One of Ocean’s projects on view here is from an ongoing series of Metro-North train commuters where he takes a candid approach to photography, capturing authentic moments as they unfold on the train. These moments turn what would be an otherwise “mundane” commute into an adventure in seeing and capturing images that tell the story of the everyday commuter.

Ocean Morisset is a widely exhibited photographer and currently resides in Peekskill, New York. You can view more of Ocean’s work at the following:

oceanmorisset.com
@oceanstide (Instagram)
facebook.com/oceanmorisset
oceanmorisset11@gmail.com

Only a small number (10) of photographs are presented (a couple of examples below).

I must say that this is not my favorite photographic genre and apart from a couple I didn’t really like the photographs all that much – but that’s probably just me (I rarely take pictures of people for a variety of reasons, which I explain in People Pictures).

However, I also took a look at his website and I encourage you to do so too. Some very interesting stuff there. I was particularly impressed by the still lifes (a genre I’m thinking of getting into), which I think are absolutely wonderful.

Souvenirs from our industrial past

Yesterday we went to see some photographs made by my wife’s friend. They were on show at a local fitness club (Club Fit, Jefferson Valley), which my wife frequents. The show was entitled “Souvenirs from our industrial past and was described as follows:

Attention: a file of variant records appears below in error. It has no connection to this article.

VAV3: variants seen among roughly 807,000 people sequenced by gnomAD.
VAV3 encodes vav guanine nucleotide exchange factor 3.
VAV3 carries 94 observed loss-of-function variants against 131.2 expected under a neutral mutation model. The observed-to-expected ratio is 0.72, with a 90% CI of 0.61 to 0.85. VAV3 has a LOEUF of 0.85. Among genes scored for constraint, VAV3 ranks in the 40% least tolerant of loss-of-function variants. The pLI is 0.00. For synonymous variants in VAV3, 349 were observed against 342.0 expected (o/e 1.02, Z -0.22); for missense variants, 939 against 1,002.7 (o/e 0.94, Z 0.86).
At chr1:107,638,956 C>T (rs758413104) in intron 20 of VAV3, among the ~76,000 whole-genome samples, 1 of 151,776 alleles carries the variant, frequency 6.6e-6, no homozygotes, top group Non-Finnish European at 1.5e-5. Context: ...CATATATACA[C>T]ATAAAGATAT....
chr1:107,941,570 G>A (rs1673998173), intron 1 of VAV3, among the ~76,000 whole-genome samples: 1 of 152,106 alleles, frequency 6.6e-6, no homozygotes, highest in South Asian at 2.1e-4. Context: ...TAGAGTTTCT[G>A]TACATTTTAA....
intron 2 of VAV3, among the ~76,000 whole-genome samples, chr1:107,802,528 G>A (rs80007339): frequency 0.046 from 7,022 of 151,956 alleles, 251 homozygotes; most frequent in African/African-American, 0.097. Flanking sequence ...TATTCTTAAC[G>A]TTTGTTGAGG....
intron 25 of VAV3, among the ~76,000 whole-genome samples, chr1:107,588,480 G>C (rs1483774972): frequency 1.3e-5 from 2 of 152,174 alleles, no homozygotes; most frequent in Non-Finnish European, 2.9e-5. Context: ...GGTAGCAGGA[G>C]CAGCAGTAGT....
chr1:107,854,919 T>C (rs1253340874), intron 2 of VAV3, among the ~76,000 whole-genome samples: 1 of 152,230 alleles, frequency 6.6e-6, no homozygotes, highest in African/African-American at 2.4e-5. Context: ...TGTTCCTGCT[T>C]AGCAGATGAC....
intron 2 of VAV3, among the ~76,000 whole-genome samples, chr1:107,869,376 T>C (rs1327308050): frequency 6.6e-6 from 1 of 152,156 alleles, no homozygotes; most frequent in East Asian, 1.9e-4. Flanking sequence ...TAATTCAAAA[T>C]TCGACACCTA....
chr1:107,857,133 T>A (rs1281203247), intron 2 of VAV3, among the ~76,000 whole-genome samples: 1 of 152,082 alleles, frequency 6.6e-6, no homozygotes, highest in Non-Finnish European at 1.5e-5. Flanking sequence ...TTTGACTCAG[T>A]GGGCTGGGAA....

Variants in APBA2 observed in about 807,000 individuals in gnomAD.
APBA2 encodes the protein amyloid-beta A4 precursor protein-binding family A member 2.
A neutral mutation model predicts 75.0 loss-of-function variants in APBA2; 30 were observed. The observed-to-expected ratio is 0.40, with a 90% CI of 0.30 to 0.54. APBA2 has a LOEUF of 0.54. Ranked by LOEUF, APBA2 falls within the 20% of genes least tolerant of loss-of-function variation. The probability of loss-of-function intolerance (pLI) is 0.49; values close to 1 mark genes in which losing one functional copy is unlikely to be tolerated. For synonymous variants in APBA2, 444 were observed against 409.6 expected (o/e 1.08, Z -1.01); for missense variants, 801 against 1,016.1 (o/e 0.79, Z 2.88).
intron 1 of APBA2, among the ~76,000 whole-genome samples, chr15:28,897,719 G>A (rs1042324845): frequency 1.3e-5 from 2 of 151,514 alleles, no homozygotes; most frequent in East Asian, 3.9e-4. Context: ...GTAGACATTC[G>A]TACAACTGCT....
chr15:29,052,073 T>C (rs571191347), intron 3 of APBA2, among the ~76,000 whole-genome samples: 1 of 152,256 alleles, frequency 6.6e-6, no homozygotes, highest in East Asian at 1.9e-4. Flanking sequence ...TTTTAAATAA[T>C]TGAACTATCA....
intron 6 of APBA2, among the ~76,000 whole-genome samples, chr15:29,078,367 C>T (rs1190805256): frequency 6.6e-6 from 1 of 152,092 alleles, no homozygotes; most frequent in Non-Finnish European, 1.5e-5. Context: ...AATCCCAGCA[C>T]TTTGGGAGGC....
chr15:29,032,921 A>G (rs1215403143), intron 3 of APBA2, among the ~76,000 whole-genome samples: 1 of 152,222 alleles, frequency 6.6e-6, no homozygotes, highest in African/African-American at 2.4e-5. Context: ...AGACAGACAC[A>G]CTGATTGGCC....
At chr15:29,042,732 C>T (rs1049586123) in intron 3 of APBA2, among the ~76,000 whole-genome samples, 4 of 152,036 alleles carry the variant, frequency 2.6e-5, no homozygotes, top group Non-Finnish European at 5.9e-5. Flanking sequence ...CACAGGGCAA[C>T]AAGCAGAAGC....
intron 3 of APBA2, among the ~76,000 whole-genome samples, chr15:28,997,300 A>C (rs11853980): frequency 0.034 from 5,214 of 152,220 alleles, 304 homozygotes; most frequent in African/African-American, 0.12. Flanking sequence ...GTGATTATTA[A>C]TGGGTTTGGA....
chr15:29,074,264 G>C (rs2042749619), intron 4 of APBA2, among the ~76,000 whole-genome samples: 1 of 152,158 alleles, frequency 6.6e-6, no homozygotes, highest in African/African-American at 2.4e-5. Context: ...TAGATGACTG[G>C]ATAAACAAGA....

January 2019
Photography by Nancy Faulds

Souvenirs from our industrial past.

Most of the images in this show were taken on excursions with Abandoned America, a photography group dedicated to the exploration and preservation of spaces that have outlived their former usefulness and have not yet developed their future potential.

The Scranton Lace factory in Scranton PA was in business from 1987 to 2002, and at one time employed 1,400 people. Sadly, when business decisions led to the closure of the plant, the announcement occurred in the middle of a shift; the workers left so abruptly that there is still lace product visible in the loom. Over the years that this huge structure sat empty, it became a sitting target for vandals and scrappers. The metal roof drains were stolen, leading to advanced decomposition as the roof could not keep out the rainwater.

The Klots Throwing Company in Lanaconing MD was a silk mill that opened in 1902, a torn calendar on the wall has the end date of 1957. Much of the equipment is still in place. The mill workers were mostly women, for the most part the wives and daughters of coal miners. Raw silk was imported from China and Japan to be spun. The market for silk was severely affected by the availability of rayon. This is another huge building that has been affected by rainwater damage through holes in the roof.

Lansdowne Theater, Lansdowne PA. was built in 1927 and was added to the National Register of Historic Places in 1986. This Spanish Revival interior is a little different than the factories since although the signs of neglect are clearly visible, it has been purchased and is in the early stages of undergoing renovation. It is quite unusual to get into one of these spaces and find that the electricity is connected and the lights, while rough, are working.

The photographs were wonderful: moody pictures of abandoned buildings full of atmosphere.